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Steam engines return to long lost station

By Somerset Guardian  |  Posted: December 12, 2013

  • Above, a classic scene on the Somerset & Dorset line - engines 40563 and 31906 haul the Bath to Bournemouth train on the climb from Radstock to Midsomer Norton. Right, Santa at the Station last year surprising children riding on a train and, below, the visiting steam engine Henbury

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The Somerset & Dorset Railway at Midsomer Norton will be running steam locomotive-hauled trains this Saturday and Sunday, and on Saturday, December 21 and Sunday, December 22.

The events mark a gap of more than seven years since steam last ran there.

This weekend is also "Santa at the Station" event which will spells festive fun for the whole family.

The railway trust's home is at the restored station on the old Somerset & Dorset line. This holiday route to the seaside at Bournemouth was a firm favourite with travellers in its heyday, due to the fine Mendip Hills scenery.

The railway trust has painstakingly restored the station over the last 15 years and is recreating the glory days of this once busy, proud and iconic line.

The visiting steam engine Henbury, an 0-6-0 saddle tank, is quite an eye catcher, in green with yellow coach lining.

Henbury will be offering rides from 11am to 3.30pm on each of the four days. Given the steep gradient of the line at Midsomer Norton, it should make quite a sight. Henbury is also appropriate to the area – built in 1937 by the Atlas Works in Bristol for the Port authorities, it also spent some years at the now defunct railway project at Radstock.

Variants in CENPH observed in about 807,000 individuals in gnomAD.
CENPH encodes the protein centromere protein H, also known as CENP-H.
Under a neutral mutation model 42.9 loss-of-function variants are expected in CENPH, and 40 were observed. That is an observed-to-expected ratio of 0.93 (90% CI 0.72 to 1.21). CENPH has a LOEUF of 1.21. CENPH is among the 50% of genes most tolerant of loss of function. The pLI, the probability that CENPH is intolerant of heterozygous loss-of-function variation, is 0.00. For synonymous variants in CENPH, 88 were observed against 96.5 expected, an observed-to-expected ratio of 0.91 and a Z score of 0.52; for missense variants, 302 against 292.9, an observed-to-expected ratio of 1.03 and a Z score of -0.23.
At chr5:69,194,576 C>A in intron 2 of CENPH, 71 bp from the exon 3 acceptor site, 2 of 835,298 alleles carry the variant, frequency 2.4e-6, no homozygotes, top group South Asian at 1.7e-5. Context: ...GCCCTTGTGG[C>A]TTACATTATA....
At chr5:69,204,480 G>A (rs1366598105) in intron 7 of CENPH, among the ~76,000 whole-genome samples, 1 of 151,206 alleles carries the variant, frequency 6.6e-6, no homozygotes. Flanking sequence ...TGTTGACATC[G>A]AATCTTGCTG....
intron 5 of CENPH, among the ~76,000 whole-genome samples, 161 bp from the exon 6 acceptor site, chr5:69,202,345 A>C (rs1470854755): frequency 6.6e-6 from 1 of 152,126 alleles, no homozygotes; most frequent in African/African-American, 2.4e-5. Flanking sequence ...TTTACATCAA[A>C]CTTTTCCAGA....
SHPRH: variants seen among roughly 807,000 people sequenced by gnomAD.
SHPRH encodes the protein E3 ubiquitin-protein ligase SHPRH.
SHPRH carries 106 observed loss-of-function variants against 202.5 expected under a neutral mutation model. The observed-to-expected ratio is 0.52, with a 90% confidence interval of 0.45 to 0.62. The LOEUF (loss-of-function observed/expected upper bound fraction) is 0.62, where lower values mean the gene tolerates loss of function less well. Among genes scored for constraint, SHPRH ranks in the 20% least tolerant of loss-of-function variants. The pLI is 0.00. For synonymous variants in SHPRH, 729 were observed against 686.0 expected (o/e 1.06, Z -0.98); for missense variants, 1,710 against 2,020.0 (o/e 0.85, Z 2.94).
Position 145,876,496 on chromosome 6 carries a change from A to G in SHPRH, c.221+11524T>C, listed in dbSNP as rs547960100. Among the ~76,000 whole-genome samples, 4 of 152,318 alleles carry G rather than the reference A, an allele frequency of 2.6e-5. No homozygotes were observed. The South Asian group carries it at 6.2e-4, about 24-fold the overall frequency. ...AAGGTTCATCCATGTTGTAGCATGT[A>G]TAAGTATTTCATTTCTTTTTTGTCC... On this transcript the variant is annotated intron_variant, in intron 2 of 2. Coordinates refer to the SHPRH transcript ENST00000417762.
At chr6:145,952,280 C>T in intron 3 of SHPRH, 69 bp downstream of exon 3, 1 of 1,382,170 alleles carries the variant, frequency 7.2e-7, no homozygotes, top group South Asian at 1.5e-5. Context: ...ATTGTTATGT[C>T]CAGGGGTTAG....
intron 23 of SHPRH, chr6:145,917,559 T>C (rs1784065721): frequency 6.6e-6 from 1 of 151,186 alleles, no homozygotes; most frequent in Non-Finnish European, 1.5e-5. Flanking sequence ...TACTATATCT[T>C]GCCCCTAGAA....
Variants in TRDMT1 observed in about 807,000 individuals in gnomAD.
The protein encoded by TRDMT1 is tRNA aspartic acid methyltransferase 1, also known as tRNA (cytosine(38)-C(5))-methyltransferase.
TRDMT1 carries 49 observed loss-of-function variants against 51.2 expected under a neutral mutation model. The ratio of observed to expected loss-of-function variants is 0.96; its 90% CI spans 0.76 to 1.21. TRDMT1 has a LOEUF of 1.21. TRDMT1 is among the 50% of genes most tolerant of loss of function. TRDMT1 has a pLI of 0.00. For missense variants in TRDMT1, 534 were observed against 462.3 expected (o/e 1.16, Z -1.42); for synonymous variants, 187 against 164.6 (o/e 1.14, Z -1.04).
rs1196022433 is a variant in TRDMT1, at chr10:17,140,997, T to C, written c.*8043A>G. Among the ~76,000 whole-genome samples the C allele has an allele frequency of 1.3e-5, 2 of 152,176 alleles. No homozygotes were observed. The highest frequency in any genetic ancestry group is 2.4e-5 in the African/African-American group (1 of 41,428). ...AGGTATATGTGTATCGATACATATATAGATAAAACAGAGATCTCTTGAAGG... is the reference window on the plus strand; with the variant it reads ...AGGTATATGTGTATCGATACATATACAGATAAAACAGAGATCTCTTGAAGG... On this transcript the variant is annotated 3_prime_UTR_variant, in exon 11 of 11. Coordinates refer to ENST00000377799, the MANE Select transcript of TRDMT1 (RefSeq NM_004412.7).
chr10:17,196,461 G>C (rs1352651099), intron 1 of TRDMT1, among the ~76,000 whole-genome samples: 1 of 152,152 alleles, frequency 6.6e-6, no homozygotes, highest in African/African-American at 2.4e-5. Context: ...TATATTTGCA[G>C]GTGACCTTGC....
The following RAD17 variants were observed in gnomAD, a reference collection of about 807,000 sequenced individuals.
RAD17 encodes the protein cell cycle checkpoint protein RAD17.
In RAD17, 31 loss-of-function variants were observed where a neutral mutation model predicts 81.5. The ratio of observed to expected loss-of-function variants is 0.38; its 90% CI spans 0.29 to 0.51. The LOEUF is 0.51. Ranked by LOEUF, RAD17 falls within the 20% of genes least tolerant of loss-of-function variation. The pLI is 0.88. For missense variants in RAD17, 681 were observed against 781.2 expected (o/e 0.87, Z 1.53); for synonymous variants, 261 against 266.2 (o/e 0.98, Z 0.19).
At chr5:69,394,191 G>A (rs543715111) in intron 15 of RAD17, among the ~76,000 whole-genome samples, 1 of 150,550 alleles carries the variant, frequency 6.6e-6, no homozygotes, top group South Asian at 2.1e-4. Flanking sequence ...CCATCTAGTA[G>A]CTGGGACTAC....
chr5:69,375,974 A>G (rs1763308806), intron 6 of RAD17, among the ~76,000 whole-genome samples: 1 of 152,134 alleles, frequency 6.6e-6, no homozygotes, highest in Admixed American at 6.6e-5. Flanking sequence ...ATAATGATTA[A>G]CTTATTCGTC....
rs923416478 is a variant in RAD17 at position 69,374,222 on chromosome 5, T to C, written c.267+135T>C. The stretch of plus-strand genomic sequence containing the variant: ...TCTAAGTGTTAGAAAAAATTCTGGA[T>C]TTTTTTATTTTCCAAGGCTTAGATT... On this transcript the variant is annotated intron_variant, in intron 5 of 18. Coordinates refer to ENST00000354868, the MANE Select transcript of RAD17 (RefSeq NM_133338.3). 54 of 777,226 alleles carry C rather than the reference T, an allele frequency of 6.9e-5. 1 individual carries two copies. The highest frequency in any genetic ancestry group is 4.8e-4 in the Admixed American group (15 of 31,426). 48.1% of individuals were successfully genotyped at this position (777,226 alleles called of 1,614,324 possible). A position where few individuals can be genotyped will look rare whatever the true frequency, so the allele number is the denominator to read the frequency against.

The locomotive has been restored and now works in the summer months on the Bristol Harbour Railway.

Organisers say: "The railway at Midsomer Norton has a number of attractions, including: a buffet coach offering hot drinks and snacks, museum in converted stable block, showing a history of the line and many other artefacts, Second World War exhibit of the infamous 'Stop Line Green' based around a restored pillbox, rebuilt signal box demonstrating how the railway is 'controlled' and a shop offering new and second hand items of railway interest.

"There is also an adjacent nature reserve through which you can walk into the picturesque Somer Valley.

"The centre is free to visit, there are modest charges for rides and site tours. Donations are always gratefully received.

"In a year where Dr Beeching has been remembered for closing of thousands of miles of British railway lines, it's nice to see the once much-loved station reopened this Christmas.

"The station at Midsomer Norton was well known as a particularly pleasant example of a country stop – set in the picturesque Mendip hills and with steep gradients that made the steam engines work that bit harder.

"It was fondly described in the writings of Poet Laureate John Betjeman and its closure lamented in song by Flanders and Swan. As part of the Somerset and Dorset railway its closure with the line in 1966 seemed to be the end of something quintessentially English."

For further information visit www.sdjr.co.uk.

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